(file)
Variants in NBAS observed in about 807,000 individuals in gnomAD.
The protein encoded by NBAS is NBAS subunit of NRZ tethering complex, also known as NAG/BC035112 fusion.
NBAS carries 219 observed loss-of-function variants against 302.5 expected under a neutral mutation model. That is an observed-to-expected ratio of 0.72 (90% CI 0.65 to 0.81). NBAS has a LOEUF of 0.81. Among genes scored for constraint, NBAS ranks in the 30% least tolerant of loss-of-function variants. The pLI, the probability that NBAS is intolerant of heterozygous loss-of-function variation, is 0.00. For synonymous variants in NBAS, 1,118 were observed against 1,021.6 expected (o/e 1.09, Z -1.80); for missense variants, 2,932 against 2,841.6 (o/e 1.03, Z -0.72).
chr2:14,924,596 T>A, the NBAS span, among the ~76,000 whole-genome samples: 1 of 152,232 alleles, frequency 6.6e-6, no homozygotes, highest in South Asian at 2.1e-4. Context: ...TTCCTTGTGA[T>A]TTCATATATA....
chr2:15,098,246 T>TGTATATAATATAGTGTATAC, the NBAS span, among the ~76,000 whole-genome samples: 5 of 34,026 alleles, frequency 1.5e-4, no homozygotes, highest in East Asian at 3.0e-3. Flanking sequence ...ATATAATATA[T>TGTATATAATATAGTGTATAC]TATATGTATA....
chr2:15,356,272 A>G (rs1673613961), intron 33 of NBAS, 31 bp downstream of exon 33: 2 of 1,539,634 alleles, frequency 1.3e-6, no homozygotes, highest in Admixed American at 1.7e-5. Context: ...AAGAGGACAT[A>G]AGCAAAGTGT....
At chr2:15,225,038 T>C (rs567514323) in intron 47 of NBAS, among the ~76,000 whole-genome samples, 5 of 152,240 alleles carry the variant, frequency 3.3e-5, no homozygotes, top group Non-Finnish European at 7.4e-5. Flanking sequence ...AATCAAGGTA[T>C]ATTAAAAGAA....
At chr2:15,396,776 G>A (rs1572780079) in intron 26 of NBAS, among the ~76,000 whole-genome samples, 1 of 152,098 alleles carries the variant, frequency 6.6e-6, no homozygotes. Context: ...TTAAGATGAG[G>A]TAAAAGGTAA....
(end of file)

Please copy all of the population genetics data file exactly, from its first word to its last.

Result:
Variants in NBAS observed in about 807,000 individuals in gnomAD.
The protein encoded by NBAS is NBAS subunit of NRZ tethering complex, also known as NAG/BC035112 fusion.
NBAS carries 219 observed loss-of-function variants against 302.5 expected under a neutral mutation model. That is an observed-to-expected ratio of 0.72 (90% CI 0.65 to 0.81). NBAS has a LOEUF of 0.81. Among genes scored for constraint, NBAS ranks in the 30% least tolerant of loss-of-function variants. The pLI, the probability that NBAS is intolerant of heterozygous loss-of-function variation, is 0.00. For synonymous variants in NBAS, 1,118 were observed against 1,021.6 expected (o/e 1.09, Z -1.80); for missense variants, 2,932 against 2,841.6 (o/e 1.03, Z -0.72).
chr2:14,924,596 T>A, the NBAS span, among the ~76,000 whole-genome samples: 1 of 152,232 alleles, frequency 6.6e-6, no homozygotes, highest in South Asian at 2.1e-4. Context: ...TTCCTTGTGA[T>A]TTCATATATA....
chr2:15,098,246 T>TGTATATAATATAGTGTATAC, the NBAS span, among the ~76,000 whole-genome samples: 5 of 34,026 alleles, frequency 1.5e-4, no homozygotes, highest in East Asian at 3.0e-3. Flanking sequence ...ATATAATATA[T>TGTATATAATATAGTGTATAC]TATATGTATA....
chr2:15,356,272 A>G (rs1673613961), intron 33 of NBAS, 31 bp downstream of exon 33: 2 of 1,539,634 alleles, frequency 1.3e-6, no homozygotes, highest in Admixed American at 1.7e-5. Context: ...AAGAGGACAT[A>G]AGCAAAGTGT....
At chr2:15,225,038 T>C (rs567514323) in intron 47 of NBAS, among the ~76,000 whole-genome samples, 5 of 152,240 alleles carry the variant, frequency 3.3e-5, no homozygotes, top group Non-Finnish European at 7.4e-5. Flanking sequence ...AATCAAGGTA[T>C]ATTAAAAGAA....
At chr2:15,396,776 G>A (rs1572780079) in intron 26 of NBAS, among the ~76,000 whole-genome samples, 1 of 152,098 alleles carries the variant, frequency 6.6e-6, no homozygotes. Context: ...TTAAGATGAG[G>A]TAAAAGGTAA....